If anyone wouldn’t survive this trip, it would be Kimba. She just had so little spirit left in her. I checked on her several times to be sure she was still breathing, and seemed blissfully asleep. Update: 17 Days later we had to euthanize Kimba because she could not recover from the ailments brought on by being kept in such filth and starved. More here: http://bigcatrescue.org/euthanize-tiger/
Zeus gulped down water before laying down in his big fluffy hay bed. These cats, like so many others across the country, were kept on rocks. There was no place for them to feel the soft earth, nor roll in the grass, nor enjoy the shade of trees or bushes. The only shade, or escape from the sharp edged rocks, was in their smelly dens and on a small table in each cage, but these cats didn’t look fit to jump up onto them. Zeus had been a big and powerful male tiger at some point in his life, but now you could see the remains of his wasted muscles and protrusion of his ribs and hips.
Big Cat Rescuers loaded tigers for 2 hours and the officer in charge commented that we worked together like a well oiled machine. Despite the rush to load the tigers and move out of the way for the next rescue group, there were some heart breaking moments. The worst for cat lovers was the owner said her cat had died, so she had thrown the cat into the cage that housed the 4 youngest tigers, who appear to have been born at JnK in 2004 and were probably considered favorites.
As hungry as those tigers must have been; something must have registered in their heads that this was just too awful to consider. Time may have finally caused them to overcome their disgust at being fed another cat, had they not been rescued today, so the bloated body of the domestic cat laid there in a haze of flies.
As soon as the tigers were all loaded and their transport cages were strapped down for the 22 hour trip, Big Cat Rescuers and JT and Laura Taylor of Loving Friends were on their way back to Tampa.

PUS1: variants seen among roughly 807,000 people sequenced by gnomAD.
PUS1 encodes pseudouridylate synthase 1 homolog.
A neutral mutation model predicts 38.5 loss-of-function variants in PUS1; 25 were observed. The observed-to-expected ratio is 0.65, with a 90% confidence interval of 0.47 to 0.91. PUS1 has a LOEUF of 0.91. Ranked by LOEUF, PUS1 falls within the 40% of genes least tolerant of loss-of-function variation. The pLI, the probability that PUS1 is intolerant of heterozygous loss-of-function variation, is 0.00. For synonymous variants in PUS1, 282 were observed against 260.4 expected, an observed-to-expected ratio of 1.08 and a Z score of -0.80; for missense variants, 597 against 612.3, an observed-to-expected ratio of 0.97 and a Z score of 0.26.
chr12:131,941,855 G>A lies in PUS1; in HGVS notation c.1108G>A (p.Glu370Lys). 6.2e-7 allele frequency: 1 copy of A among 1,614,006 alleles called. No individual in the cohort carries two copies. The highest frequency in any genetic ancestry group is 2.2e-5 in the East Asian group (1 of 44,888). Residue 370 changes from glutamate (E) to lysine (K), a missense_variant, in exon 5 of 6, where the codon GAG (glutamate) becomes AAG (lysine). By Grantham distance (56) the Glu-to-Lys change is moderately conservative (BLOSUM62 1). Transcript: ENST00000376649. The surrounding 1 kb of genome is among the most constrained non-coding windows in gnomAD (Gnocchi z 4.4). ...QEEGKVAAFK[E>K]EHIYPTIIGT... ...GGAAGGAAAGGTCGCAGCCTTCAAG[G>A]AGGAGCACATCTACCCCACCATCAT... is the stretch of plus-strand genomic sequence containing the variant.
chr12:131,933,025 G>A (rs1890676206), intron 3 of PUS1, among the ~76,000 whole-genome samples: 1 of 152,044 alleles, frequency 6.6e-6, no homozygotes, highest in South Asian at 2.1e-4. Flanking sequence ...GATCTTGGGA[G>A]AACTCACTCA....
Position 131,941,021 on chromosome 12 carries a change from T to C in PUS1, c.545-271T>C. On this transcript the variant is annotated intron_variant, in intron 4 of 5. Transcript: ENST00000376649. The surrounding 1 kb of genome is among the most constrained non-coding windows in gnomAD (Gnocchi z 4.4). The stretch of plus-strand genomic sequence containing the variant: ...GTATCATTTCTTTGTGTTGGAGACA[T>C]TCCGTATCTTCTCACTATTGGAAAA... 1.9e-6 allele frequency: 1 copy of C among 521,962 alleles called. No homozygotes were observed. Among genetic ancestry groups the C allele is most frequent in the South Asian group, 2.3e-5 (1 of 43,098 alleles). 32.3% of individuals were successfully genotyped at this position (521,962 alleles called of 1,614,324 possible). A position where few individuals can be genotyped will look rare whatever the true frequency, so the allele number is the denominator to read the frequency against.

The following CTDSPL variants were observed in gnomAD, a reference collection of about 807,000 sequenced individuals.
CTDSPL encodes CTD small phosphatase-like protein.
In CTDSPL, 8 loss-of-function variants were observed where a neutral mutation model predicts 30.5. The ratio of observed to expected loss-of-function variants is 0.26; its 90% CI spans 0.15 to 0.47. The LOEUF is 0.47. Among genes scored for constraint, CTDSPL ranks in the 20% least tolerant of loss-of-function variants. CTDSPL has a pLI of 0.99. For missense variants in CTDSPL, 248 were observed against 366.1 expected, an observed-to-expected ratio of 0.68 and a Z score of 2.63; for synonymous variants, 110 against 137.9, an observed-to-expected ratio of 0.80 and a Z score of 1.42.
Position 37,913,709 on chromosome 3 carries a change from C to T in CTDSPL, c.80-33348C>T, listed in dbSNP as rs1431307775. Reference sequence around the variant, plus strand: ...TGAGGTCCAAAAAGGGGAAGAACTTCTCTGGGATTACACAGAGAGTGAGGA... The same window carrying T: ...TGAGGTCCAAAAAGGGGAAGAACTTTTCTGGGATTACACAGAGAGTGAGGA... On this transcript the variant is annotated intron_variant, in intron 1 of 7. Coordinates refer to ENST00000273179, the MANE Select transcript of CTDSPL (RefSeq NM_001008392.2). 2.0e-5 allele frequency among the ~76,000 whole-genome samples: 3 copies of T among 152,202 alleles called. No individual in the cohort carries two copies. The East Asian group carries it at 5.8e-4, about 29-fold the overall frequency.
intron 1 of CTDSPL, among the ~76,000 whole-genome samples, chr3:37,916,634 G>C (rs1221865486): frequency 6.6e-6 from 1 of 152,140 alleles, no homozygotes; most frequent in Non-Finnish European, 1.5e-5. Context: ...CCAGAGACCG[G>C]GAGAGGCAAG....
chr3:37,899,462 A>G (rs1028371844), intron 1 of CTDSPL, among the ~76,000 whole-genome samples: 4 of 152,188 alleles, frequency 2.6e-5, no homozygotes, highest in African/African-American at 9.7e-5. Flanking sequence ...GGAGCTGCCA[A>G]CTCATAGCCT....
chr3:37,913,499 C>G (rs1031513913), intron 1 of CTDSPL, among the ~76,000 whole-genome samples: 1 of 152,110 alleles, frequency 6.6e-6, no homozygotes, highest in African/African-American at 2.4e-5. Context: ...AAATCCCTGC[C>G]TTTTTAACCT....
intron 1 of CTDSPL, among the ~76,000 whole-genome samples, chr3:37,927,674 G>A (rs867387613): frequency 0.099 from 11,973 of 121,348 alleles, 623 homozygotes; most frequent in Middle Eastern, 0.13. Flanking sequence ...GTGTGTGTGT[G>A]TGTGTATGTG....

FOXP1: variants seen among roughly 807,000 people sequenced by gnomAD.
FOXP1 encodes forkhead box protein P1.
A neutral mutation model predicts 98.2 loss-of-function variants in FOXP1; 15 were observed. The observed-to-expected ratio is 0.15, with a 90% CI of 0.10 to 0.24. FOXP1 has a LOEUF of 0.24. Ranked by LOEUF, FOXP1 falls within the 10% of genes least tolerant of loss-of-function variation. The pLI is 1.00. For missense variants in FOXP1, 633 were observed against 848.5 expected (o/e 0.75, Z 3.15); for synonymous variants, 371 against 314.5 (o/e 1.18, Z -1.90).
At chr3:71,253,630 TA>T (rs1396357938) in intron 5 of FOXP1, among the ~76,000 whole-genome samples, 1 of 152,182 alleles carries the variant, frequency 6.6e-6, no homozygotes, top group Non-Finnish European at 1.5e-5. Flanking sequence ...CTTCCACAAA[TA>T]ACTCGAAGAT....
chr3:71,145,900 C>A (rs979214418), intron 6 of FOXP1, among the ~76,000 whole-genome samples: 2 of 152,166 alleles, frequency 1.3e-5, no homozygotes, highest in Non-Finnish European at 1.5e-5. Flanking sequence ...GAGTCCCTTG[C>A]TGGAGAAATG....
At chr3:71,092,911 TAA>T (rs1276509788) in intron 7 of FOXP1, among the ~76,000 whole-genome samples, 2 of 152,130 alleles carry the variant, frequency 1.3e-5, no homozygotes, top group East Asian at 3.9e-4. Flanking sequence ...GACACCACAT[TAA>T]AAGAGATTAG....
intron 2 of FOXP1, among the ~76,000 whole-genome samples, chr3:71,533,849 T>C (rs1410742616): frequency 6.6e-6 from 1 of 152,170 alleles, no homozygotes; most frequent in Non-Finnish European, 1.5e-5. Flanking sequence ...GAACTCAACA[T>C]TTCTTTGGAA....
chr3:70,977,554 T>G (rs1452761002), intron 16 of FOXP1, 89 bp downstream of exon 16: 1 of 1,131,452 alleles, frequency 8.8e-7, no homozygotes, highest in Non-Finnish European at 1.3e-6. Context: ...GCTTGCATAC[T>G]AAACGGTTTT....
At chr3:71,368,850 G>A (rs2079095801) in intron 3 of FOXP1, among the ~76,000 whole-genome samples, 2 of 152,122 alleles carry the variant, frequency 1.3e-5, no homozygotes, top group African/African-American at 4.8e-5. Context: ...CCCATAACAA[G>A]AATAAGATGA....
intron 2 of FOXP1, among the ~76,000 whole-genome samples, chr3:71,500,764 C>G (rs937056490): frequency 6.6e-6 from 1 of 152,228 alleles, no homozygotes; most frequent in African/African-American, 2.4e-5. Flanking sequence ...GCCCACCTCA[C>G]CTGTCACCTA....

The cost of the transport and rescue was approximately $7,000, but that is just the beginning. Getting these tigers back on the road to health will mean vet care, and specialists for the eyes. It means a lot of high quality food, vitamins, joint supplements and probably a good deal of pain management. Just one healthy tiger costs Big Cat Rescue $10,000 per year, just for food and vet care and these neglected tigers will need much more intensive care. Even though they are safe and will never go hungry again, it is only because people like you will open your hearts to these precious creatures. Please let them know that you are there for them, for now and forever, with a monthly gift of whatever you can afford.
Please donate here: BigCatRescue.org/donate
You can make a one time gift or the much more needed monthly gift at that link.
See the photos here. Video to come.
IFAW Footage of the Rescue in Five Parts
Big Cat Rescue was not allowed to film during the rescue, so what footage we did manage to get was from cell phones in pockets. Below is footage that looks much better than ours and details the rescue from JnK.
Photos of Tigers Arriving at Big Cat Rescue
Kimba Tiger Starving On Arrival